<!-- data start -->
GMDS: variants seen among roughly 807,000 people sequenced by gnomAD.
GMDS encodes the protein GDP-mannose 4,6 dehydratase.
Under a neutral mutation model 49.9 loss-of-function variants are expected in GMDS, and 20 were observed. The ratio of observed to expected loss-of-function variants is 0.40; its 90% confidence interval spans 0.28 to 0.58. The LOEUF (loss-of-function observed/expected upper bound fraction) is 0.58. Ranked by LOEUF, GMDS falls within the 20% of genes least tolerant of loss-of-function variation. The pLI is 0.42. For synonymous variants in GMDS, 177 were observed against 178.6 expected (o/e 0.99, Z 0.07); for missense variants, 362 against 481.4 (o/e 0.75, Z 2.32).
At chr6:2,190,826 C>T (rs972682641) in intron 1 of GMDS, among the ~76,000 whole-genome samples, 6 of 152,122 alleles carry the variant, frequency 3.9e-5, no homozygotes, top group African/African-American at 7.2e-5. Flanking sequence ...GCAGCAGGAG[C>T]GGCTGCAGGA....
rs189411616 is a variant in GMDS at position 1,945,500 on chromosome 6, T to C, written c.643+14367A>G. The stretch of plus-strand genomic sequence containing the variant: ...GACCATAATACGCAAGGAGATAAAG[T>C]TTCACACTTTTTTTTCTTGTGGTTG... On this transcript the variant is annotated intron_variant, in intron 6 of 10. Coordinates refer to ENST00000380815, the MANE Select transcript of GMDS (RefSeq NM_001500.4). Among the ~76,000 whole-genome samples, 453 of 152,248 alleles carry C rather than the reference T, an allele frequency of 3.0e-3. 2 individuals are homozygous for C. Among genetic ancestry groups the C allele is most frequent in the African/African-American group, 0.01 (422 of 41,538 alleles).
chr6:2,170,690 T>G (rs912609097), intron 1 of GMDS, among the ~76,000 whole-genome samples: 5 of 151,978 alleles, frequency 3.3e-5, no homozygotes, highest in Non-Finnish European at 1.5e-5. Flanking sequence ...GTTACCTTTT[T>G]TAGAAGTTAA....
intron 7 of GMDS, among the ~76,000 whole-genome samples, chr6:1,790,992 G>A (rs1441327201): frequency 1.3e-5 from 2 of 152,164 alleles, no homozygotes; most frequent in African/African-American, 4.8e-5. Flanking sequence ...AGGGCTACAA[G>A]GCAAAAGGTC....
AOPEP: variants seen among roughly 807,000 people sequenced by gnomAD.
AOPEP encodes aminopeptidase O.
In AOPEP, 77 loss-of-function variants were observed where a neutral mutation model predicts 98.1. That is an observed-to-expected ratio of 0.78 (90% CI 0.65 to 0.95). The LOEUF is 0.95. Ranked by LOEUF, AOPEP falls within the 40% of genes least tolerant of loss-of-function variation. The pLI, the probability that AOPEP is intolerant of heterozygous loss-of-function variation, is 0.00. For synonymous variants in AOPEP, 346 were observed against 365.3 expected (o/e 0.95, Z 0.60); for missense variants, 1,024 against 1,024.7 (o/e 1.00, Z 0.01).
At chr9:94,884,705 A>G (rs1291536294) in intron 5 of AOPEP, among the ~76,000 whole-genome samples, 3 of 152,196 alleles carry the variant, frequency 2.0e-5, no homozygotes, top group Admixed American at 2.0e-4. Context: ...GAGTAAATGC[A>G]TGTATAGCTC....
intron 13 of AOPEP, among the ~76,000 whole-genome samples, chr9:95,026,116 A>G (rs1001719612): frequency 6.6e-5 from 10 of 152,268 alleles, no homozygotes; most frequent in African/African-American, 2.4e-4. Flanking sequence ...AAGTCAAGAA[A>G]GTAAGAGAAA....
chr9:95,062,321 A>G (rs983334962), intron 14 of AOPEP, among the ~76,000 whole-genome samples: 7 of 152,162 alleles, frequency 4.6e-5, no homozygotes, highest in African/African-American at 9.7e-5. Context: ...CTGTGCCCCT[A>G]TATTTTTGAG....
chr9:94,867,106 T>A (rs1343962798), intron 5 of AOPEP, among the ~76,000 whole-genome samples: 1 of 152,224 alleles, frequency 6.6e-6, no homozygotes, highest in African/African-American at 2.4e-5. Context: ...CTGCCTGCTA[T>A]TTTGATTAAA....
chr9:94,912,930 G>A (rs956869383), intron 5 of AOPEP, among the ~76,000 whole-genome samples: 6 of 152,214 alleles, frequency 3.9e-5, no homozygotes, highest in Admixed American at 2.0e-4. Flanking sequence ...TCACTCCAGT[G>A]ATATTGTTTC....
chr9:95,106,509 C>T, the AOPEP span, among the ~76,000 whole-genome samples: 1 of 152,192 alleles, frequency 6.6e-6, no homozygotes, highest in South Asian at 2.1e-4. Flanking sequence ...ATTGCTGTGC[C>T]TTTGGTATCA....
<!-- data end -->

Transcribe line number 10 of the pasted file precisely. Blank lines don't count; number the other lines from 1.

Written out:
In AOPEP, 77 loss-of-function variants were observed where a neutral mutation model predicts 98.1. That is an observed-to-expected ratio of 0.78 (90% CI 0.65 to 0.95). The LOEUF is 0.95. Ranked by LOEUF, AOPEP falls within the 40% of genes least tolerant of loss-of-function variation. The pLI, the probability that AOPEP is intolerant of heterozygous loss-of-function variation, is 0.00. For synonymous variants in AOPEP, 346 were observed against 365.3 expected (o/e 0.95, Z 0.60); for missense variants, 1,024 against 1,024.7 (o/e 1.00, Z 0.01).